Major gift to Neonatal Paediatrics

By Hudson Institute communications

Financial Markets Foundation for Children donation to establish new Chair in Neonatal Paediatrics.

A new Chair in Neonatal Paediatrics will fast-track Hudson Institute, Monash University and Monash Health’s joint vision for newborn medicine and serve the community through advanced treatments and interventions and education programs.

Professor Rod Hunt

A philanthropic gift, from Australia’s major banks including the Reserve Bank of Australia, helped establish this Chair, a first for the south-east corridor of Melbourne.  Thanks to the $5 million gift to Monash University from the Financial Markets Foundation for Children in 2019, and an extensive global search, we are delighted to announce that Professor Rod Hunt has accepted the prestigious Chair and will join us in October 2020.

Professor Hunt will be responsible for leadership and ongoing strategic development of newborn medicine research, and training innovation at Monash University, as well as fulfilling a clinical role at Monash Children’s Hospital. Professor Hunt will build and lead research, from discovery through translation to improved clinical care in neonatal paediatrics.

Professor Rod Hunt has been the Director of Neonatal Medicine at The Royal Children’s Hospital, Melbourne since 2010 and the Co-Director of Neonatal Research at the Murdoch Children’s Research Institute, Melbourne.  His clinical and research expertise is in the area of Neonatal Neurology.

The Financial Markets Foundation for Children supports projects that promote and improve the health and welfare of Australian children.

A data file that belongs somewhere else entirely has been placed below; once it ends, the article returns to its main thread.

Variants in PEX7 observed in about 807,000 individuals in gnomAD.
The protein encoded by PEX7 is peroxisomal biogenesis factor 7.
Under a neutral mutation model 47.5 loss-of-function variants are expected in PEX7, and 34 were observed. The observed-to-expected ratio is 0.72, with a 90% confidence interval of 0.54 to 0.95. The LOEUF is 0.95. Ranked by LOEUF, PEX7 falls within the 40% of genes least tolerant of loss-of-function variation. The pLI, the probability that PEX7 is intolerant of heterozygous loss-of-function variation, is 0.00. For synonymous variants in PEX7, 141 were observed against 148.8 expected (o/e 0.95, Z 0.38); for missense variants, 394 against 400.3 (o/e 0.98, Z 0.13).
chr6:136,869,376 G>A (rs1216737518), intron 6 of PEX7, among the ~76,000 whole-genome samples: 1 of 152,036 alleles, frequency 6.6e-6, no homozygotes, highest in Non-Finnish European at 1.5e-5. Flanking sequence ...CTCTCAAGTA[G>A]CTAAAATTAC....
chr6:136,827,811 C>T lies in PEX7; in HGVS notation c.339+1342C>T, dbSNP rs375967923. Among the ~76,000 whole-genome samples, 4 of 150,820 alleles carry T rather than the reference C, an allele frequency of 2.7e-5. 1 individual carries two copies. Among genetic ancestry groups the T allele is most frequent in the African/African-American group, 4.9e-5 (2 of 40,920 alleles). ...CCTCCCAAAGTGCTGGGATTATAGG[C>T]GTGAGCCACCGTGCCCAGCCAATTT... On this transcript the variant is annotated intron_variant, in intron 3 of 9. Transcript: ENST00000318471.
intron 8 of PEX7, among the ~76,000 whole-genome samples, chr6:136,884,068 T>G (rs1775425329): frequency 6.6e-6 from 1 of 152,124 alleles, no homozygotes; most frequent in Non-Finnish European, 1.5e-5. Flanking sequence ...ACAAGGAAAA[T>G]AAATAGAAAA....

The Chair has been integrated under the joint leadership of Professor Katrina Williams, Head of Paediatrics at Monash University and Dr Alice Stewart at Monash Health.

“Professor Hunt’s work focuses on the most vulnerable newborns who have high early life support needs and greater risk of health and development challenges throughout their life. With its bench to bedside and community care opportunities, the University is well-placed to lead discoveries and clinical innovations that will improve the lives of newborn children, and their families” Professor Williams said.

The Financial Markets Foundation for Children Chair in Neonatal Paediatrics will work with a talented team to improve in utero, birthing and early life events to prevent vital organ damage and maximise the chance of brain and body health for every child. Laboratory discoveries leading to innovative interventions, early life review and partnerships with hospital and community health professionals provide every child the best chance for a healthy life. Their parents will be reassured that all that can be done is being done for their child.

“It is a truism to say that the first weeks of infancy is the first phase of a new life; newborns in need of intensive care treatment have amongst the most difficult starts to life that can be imagined. Whether through premature birth, or early life illness, care of society’s most fragile people is both one of the most technically and emotionally demanding facets of medicine,” said Professor Eric Morand, Monash University’s Head of Clinical Sciences. The opportunity to bring clinical insights directly into the lab, and new breakthroughs directly into practice, ensures that no stone is unturned in our efforts to improve the long journey that follows these early life challenges”.

The new position, which will work closely with Hudson Institute and Monash Children’s Hospital, completes a perfect triad for Monash and its partners by adding excellence in clinical research to outstanding clinical care and world-leading fundamental research.

“We look forward to welcoming Professor Hunt to Monash University as Chair in Neonatal Paediatrics,” said Professor Christina Mitchell, Dean of the Faculty of Medicine, Nursing and Health Sciences at Monash University.

“This generous gift from the Financial Markets Foundation for Children will allow us to translate research into improved quality of life and outcomes for the 1 in 5 babies that are admitted to a special care nursery (SCN) or neonatal intensive care unit (NICU) in Australia.”

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